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Activists Remain Skeptical as Taliban Leaders Communicate Progressivism

10/13/2021 Washington, D.C. (International Christian Concern) – International Christian Concern (ICC) has learned that Taliban leaders are taking steps to instruct the religious police to be more moderate. The religious police have traditionally been feared throughout Afghanistan because of their brutality in enforcing the Taliban’s extreme interpretation of Sharia law. Now, they are trying to shake hands and charm communities. Reports have surfaced of local religious police taking time to encourage shoppers to follow the edicts of Sharia law and to make sure women’s heads are covered.

A team of CNN reporters was recently allowed into the Ministry of the Propagation of Virtue and Prevention of Vice, directed by senior Taliban figure Mawlavi Abdullah Mohammad. The location housed the Ministry of Women before being converted into a tool for Taliban control. The new ministry’s role is to encourage all Afghans to follow the Taliban’s version of Islam.

Mohammad, the director of the new ministry, said that “we act in accordance with Sharia law.” He continued, “Firstly, we inform people about good deeds. We preach to them and deliver the message to them in a nice way; the second time we repeat to them, again; the third time we speak to them slightly harshly.” The religious police have been issued a manual that provides them with guidelines on how to carry out their duties.

“We abide by laws and rules,” Mohammad said. “We give advice, but to grab someone’s hand, to beat him up, to send them notice or to send them a warning letter, is against the Emirate’s policy. If anyone has done this, it is a self-assertive act.”

Their enforcement of the law makes no distinction between religious minorities, subjecting all Afghans to Islamic law equally. Christians, Hindus, and other religious minorities will be forced to live by the edicts of the religious police.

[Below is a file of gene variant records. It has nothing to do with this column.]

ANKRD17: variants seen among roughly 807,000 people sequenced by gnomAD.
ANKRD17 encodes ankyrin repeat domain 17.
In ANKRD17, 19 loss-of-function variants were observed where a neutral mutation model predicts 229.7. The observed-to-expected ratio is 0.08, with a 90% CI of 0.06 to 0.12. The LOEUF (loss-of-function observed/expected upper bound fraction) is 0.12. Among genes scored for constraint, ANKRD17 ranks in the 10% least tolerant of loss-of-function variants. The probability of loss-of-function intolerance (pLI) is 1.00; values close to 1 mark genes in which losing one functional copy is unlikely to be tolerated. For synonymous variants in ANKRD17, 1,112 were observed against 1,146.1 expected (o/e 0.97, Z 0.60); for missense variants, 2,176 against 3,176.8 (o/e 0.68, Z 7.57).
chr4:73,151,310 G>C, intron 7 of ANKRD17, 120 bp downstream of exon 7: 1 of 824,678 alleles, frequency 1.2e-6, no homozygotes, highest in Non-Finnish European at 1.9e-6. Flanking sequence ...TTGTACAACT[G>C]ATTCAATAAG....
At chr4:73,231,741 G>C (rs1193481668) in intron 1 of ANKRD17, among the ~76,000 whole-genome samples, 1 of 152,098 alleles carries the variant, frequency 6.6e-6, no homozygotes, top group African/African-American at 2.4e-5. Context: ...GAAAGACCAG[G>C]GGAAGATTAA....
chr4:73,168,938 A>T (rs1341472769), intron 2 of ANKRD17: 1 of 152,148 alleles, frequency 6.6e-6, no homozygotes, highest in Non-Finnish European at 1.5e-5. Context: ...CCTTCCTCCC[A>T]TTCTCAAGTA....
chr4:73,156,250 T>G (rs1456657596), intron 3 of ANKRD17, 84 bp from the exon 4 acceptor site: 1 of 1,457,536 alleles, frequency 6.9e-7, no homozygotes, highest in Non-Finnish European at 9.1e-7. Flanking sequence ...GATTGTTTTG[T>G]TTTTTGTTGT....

Afghanistan’s Christian community, estimated to be between 8,000 and 12,000 people, is comprised almost entirely of converts from Islam who are considered apostates by the Taliban. This status as apostates makes Afghan Christians direct targets for persecution and very likely to suffer under the Taliban’s rule of Afghanistan.

Matias Perttula, Director of Advocacy for ICC, said, “While the Taliban can tell the world that their approach to enforcing their extremist views on Islam will be moderate, the fact remains that they are still enforcing it on all people regardless of their religious disposition. This is religious tyranny. The people of Afghanistan deserve better. The Christians of Afghanistan deserve better. All religious minorities and those who disagree with the Taliban deserve better. Being nice at first makes no difference if, in the end, they force it on all who don’t want to live under their extremist Sharia dictates.”

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